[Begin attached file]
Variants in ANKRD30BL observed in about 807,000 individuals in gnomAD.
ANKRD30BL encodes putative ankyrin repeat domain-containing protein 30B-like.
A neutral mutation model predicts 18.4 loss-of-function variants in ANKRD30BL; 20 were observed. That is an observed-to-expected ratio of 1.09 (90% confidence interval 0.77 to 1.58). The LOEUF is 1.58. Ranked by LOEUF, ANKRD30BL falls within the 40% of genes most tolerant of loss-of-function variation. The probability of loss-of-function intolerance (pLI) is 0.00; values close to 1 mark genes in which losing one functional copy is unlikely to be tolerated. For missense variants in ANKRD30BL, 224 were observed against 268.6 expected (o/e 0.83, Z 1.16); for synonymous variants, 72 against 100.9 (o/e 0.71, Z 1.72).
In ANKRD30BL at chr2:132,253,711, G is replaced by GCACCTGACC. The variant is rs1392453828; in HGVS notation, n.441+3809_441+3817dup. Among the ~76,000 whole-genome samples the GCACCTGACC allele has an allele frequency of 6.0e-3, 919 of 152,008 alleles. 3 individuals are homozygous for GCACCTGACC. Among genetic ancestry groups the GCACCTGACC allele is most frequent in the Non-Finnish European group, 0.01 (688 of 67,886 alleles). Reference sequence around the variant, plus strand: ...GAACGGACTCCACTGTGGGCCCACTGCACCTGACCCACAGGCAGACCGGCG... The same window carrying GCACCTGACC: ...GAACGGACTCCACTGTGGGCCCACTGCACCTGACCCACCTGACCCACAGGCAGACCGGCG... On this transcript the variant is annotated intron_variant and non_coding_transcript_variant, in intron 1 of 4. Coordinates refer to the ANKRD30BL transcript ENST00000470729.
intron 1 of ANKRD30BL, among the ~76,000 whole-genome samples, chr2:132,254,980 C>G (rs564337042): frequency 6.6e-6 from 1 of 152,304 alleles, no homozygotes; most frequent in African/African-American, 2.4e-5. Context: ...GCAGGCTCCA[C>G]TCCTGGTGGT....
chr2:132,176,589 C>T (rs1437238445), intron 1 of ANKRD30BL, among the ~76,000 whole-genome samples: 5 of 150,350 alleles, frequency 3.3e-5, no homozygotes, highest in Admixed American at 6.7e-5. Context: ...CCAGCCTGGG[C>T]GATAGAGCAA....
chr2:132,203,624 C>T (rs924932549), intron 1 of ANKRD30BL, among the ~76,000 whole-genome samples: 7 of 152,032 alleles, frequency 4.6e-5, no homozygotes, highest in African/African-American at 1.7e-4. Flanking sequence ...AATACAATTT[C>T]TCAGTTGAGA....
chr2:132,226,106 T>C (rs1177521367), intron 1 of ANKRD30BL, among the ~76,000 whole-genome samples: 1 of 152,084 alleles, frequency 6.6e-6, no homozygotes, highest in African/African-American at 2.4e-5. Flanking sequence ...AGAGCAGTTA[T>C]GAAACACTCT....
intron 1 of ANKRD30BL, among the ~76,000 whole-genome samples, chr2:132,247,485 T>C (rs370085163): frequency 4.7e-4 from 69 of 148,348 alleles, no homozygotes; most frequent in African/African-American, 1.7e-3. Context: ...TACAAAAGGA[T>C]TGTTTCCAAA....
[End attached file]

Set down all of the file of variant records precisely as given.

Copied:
Variants in ANKRD30BL observed in about 807,000 individuals in gnomAD.
ANKRD30BL encodes putative ankyrin repeat domain-containing protein 30B-like.
A neutral mutation model predicts 18.4 loss-of-function variants in ANKRD30BL; 20 were observed. That is an observed-to-expected ratio of 1.09 (90% confidence interval 0.77 to 1.58). The LOEUF is 1.58. Ranked by LOEUF, ANKRD30BL falls within the 40% of genes most tolerant of loss-of-function variation. The probability of loss-of-function intolerance (pLI) is 0.00; values close to 1 mark genes in which losing one functional copy is unlikely to be tolerated. For missense variants in ANKRD30BL, 224 were observed against 268.6 expected (o/e 0.83, Z 1.16); for synonymous variants, 72 against 100.9 (o/e 0.71, Z 1.72).
In ANKRD30BL at chr2:132,253,711, G is replaced by GCACCTGACC. The variant is rs1392453828; in HGVS notation, n.441+3809_441+3817dup. Among the ~76,000 whole-genome samples the GCACCTGACC allele has an allele frequency of 6.0e-3, 919 of 152,008 alleles. 3 individuals are homozygous for GCACCTGACC. Among genetic ancestry groups the GCACCTGACC allele is most frequent in the Non-Finnish European group, 0.01 (688 of 67,886 alleles). Reference sequence around the variant, plus strand: ...GAACGGACTCCACTGTGGGCCCACTGCACCTGACCCACAGGCAGACCGGCG... The same window carrying GCACCTGACC: ...GAACGGACTCCACTGTGGGCCCACTGCACCTGACCCACCTGACCCACAGGCAGACCGGCG... On this transcript the variant is annotated intron_variant and non_coding_transcript_variant, in intron 1 of 4. Coordinates refer to the ANKRD30BL transcript ENST00000470729.
intron 1 of ANKRD30BL, among the ~76,000 whole-genome samples, chr2:132,254,980 C>G (rs564337042): frequency 6.6e-6 from 1 of 152,304 alleles, no homozygotes; most frequent in African/African-American, 2.4e-5. Context: ...GCAGGCTCCA[C>G]TCCTGGTGGT....
chr2:132,176,589 C>T (rs1437238445), intron 1 of ANKRD30BL, among the ~76,000 whole-genome samples: 5 of 150,350 alleles, frequency 3.3e-5, no homozygotes, highest in Admixed American at 6.7e-5. Context: ...CCAGCCTGGG[C>T]GATAGAGCAA....
chr2:132,203,624 C>T (rs924932549), intron 1 of ANKRD30BL, among the ~76,000 whole-genome samples: 7 of 152,032 alleles, frequency 4.6e-5, no homozygotes, highest in African/African-American at 1.7e-4. Flanking sequence ...AATACAATTT[C>T]TCAGTTGAGA....
chr2:132,226,106 T>C (rs1177521367), intron 1 of ANKRD30BL, among the ~76,000 whole-genome samples: 1 of 152,084 alleles, frequency 6.6e-6, no homozygotes, highest in African/African-American at 2.4e-5. Flanking sequence ...AGAGCAGTTA[T>C]GAAACACTCT....
intron 1 of ANKRD30BL, among the ~76,000 whole-genome samples, chr2:132,247,485 T>C (rs370085163): frequency 4.7e-4 from 69 of 148,348 alleles, no homozygotes; most frequent in African/African-American, 1.7e-3. Context: ...TACAAAAGGA[T>C]TGTTTCCAAA....